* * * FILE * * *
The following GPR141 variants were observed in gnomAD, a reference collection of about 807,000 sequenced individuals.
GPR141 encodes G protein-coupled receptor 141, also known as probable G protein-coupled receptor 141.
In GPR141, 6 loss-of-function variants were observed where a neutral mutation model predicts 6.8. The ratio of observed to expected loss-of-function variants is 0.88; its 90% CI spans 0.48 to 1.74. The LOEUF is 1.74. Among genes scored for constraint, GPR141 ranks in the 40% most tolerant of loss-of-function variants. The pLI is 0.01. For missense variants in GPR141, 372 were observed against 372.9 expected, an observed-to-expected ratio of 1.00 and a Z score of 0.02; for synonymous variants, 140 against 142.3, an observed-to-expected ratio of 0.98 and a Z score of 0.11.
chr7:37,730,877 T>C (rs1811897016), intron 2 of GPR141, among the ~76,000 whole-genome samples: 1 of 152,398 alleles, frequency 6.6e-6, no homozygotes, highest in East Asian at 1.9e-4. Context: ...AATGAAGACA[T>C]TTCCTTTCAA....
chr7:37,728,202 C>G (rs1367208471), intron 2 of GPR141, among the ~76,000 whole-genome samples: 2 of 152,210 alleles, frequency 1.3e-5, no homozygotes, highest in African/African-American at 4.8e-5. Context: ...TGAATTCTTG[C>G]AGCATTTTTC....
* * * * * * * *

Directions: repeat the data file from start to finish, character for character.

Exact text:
The following GPR141 variants were observed in gnomAD, a reference collection of about 807,000 sequenced individuals.
GPR141 encodes G protein-coupled receptor 141, also known as probable G protein-coupled receptor 141.
In GPR141, 6 loss-of-function variants were observed where a neutral mutation model predicts 6.8. The ratio of observed to expected loss-of-function variants is 0.88; its 90% CI spans 0.48 to 1.74. The LOEUF is 1.74. Among genes scored for constraint, GPR141 ranks in the 40% most tolerant of loss-of-function variants. The pLI is 0.01. For missense variants in GPR141, 372 were observed against 372.9 expected, an observed-to-expected ratio of 1.00 and a Z score of 0.02; for synonymous variants, 140 against 142.3, an observed-to-expected ratio of 0.98 and a Z score of 0.11.
chr7:37,730,877 T>C (rs1811897016), intron 2 of GPR141, among the ~76,000 whole-genome samples: 1 of 152,398 alleles, frequency 6.6e-6, no homozygotes, highest in East Asian at 1.9e-4. Context: ...AATGAAGACA[T>C]TTCCTTTCAA....
chr7:37,728,202 C>G (rs1367208471), intron 2 of GPR141, among the ~76,000 whole-genome samples: 2 of 152,210 alleles, frequency 1.3e-5, no homozygotes, highest in African/African-American at 4.8e-5. Context: ...TGAATTCTTG[C>G]AGCATTTTTC....